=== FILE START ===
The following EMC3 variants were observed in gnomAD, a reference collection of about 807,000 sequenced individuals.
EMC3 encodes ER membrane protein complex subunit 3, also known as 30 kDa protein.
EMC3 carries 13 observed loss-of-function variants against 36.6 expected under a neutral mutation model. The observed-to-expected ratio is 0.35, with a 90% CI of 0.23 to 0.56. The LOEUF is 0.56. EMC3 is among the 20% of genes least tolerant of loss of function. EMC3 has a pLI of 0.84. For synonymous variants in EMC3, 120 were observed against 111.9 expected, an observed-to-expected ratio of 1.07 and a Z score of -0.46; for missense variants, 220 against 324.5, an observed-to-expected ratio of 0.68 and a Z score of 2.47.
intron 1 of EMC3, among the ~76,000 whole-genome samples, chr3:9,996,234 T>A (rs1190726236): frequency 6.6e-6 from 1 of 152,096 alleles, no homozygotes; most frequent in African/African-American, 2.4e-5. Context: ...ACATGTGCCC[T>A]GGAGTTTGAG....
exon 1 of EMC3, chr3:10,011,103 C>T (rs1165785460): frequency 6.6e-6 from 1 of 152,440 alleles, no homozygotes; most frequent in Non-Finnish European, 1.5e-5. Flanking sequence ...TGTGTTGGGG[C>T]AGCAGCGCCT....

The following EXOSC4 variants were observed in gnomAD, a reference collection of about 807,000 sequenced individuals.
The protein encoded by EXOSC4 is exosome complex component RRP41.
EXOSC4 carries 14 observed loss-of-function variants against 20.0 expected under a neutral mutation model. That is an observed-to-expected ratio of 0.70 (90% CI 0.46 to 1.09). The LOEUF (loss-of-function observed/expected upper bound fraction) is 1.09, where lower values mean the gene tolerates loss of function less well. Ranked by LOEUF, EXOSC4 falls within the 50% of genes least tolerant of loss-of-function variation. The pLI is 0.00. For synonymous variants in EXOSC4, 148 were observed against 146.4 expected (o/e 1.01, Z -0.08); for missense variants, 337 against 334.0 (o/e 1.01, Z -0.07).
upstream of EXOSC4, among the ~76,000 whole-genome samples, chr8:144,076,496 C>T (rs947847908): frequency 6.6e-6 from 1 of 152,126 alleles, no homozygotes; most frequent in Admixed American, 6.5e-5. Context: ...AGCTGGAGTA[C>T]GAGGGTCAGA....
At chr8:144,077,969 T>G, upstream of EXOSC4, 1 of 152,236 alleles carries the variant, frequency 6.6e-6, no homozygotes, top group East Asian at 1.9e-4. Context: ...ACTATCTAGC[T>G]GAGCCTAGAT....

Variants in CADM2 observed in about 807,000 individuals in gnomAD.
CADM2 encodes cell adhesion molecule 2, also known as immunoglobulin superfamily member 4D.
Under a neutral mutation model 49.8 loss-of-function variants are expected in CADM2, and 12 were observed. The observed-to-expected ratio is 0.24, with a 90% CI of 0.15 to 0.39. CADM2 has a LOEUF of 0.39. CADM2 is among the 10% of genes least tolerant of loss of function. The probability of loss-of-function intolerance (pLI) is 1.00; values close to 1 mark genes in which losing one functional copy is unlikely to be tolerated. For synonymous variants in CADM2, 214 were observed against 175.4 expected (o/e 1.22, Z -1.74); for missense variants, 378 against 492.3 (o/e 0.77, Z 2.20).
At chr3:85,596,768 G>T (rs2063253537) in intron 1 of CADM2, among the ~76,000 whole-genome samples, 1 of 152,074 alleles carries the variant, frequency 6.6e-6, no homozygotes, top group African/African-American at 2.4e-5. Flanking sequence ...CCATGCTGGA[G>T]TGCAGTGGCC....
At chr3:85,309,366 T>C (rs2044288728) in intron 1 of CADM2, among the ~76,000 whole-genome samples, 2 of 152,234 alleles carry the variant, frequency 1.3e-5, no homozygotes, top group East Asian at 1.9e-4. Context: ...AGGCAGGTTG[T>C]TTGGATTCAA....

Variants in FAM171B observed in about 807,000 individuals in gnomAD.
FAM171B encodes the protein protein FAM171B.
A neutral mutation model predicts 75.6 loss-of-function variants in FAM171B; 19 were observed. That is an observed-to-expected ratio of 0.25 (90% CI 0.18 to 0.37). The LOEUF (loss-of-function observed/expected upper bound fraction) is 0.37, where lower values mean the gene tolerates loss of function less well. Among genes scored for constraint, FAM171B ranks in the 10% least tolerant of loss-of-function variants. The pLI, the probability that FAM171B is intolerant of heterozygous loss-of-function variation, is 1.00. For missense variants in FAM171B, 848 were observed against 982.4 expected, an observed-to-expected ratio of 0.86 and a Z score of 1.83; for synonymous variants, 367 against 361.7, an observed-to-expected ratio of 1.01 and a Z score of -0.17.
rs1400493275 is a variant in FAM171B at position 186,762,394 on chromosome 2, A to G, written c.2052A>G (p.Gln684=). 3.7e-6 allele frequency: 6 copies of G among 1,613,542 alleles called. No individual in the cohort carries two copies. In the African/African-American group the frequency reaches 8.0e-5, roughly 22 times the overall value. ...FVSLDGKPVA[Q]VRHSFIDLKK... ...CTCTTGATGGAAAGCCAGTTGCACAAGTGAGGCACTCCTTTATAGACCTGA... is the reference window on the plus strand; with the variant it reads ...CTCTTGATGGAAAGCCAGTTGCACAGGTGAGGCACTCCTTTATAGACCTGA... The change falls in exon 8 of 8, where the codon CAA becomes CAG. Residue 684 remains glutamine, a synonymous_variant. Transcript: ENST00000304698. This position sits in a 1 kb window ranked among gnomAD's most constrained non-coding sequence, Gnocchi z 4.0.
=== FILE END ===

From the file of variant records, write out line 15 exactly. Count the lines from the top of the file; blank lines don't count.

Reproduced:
At chr3:85,309,366 T>C (rs2044288728) in intron 1 of CADM2, among the ~76,000 whole-genome samples, 2 of 152,234 alleles carry the variant, frequency 1.3e-5, no homozygotes, top group East Asian at 1.9e-4. Context: ...AGGCAGGTTG[T>C]TTGGATTCAA....